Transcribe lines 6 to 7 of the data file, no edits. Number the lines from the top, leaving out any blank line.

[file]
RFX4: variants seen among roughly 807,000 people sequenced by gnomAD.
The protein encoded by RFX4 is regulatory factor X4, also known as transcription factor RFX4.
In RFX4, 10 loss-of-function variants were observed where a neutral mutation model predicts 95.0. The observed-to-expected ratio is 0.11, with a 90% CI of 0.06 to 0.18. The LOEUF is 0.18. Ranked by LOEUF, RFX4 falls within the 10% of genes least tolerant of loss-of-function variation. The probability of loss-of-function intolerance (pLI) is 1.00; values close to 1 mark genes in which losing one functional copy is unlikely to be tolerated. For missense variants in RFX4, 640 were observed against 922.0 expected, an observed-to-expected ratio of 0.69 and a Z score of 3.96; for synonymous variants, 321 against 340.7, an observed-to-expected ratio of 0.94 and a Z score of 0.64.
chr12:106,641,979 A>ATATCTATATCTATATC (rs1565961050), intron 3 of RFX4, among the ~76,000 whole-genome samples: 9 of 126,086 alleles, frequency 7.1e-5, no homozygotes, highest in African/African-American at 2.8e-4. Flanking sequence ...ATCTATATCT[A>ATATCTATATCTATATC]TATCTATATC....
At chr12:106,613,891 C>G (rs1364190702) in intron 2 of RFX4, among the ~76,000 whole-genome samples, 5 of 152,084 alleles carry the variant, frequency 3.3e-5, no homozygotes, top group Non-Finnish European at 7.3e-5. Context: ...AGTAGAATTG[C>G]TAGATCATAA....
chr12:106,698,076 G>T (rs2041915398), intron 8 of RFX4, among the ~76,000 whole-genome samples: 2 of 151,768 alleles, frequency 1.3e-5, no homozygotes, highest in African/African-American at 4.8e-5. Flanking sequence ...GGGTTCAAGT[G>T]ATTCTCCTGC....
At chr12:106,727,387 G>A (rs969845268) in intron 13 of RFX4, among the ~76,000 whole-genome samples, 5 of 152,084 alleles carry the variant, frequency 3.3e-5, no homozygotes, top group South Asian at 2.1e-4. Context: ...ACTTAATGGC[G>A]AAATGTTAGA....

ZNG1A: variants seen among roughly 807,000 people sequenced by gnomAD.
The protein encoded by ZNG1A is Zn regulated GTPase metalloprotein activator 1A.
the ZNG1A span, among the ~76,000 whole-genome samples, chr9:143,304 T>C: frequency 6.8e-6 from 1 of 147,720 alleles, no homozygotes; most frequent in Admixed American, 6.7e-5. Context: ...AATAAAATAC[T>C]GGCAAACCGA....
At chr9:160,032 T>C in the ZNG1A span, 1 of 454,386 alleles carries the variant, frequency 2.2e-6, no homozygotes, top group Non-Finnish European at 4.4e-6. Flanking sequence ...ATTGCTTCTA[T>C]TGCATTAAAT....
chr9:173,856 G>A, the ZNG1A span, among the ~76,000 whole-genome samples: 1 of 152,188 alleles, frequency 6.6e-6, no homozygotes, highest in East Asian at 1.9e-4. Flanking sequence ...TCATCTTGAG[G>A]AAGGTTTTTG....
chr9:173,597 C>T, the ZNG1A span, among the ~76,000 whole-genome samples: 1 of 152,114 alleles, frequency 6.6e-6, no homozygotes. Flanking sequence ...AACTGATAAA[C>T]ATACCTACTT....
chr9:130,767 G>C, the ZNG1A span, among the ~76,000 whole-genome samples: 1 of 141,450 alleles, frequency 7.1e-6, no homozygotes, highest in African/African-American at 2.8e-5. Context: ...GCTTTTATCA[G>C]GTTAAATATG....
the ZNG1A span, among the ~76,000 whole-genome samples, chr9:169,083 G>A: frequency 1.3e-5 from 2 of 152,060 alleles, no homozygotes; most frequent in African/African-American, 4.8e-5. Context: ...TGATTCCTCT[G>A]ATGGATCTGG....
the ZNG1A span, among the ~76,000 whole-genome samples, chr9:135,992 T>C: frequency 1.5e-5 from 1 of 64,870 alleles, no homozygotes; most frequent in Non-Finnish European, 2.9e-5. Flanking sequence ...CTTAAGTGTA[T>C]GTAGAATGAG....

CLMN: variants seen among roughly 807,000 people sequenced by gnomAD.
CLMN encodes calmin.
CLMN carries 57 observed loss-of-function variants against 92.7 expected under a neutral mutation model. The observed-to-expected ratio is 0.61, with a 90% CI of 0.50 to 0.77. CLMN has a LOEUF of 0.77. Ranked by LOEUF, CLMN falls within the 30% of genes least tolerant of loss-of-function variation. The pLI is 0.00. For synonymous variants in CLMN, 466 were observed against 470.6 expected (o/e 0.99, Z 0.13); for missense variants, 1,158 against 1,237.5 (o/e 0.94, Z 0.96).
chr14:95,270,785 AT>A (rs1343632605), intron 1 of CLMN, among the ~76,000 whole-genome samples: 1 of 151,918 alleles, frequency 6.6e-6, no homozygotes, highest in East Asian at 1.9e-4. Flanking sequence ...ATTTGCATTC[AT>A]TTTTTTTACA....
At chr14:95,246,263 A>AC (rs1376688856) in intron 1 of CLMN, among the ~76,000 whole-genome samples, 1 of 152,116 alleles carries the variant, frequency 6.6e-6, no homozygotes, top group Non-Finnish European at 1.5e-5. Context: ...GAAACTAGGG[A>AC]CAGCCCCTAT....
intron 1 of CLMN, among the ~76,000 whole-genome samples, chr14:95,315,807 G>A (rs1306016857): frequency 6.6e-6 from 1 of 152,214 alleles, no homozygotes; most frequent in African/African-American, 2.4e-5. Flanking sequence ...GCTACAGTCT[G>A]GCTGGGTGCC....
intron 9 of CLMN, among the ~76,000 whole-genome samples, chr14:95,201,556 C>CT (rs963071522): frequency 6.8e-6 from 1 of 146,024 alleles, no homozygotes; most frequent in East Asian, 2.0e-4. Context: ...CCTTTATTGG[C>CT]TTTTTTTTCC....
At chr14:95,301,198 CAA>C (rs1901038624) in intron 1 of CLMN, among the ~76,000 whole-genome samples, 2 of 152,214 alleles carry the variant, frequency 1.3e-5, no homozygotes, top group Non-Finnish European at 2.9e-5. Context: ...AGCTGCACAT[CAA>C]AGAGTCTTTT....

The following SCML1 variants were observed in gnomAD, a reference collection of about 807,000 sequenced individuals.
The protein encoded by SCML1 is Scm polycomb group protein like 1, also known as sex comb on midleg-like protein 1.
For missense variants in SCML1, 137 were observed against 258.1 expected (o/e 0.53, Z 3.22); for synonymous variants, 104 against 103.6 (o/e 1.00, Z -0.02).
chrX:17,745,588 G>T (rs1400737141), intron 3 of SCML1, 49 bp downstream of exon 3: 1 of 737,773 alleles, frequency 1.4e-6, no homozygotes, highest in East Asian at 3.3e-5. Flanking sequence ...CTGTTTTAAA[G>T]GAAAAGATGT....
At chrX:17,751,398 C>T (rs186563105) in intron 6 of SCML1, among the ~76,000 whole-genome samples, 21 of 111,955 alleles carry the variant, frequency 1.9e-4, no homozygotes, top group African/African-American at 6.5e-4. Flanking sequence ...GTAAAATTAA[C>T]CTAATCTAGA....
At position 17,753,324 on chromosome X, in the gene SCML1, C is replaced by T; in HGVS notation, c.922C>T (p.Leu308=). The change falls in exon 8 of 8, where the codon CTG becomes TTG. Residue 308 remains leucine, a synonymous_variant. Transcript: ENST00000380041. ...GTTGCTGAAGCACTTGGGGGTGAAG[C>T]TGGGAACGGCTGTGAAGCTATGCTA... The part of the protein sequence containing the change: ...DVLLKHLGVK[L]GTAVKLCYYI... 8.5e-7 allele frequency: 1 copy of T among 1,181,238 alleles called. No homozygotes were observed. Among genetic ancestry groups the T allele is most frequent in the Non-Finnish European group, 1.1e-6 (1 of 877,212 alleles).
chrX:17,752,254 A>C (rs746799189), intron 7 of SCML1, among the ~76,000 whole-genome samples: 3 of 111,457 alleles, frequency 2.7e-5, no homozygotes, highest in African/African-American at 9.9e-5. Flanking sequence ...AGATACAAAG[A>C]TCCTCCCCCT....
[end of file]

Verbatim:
chr12:106,698,076 G>T (rs2041915398), intron 8 of RFX4, among the ~76,000 whole-genome samples: 2 of 151,768 alleles, frequency 1.3e-5, no homozygotes, highest in African/African-American at 4.8e-5. Flanking sequence ...GGGTTCAAGT[G>T]ATTCTCCTGC....
At chr12:106,727,387 G>A (rs969845268) in intron 13 of RFX4, among the ~76,000 whole-genome samples, 5 of 152,084 alleles carry the variant, frequency 3.3e-5, no homozygotes, top group South Asian at 2.1e-4. Context: ...ACTTAATGGC[G>A]AAATGTTAGA....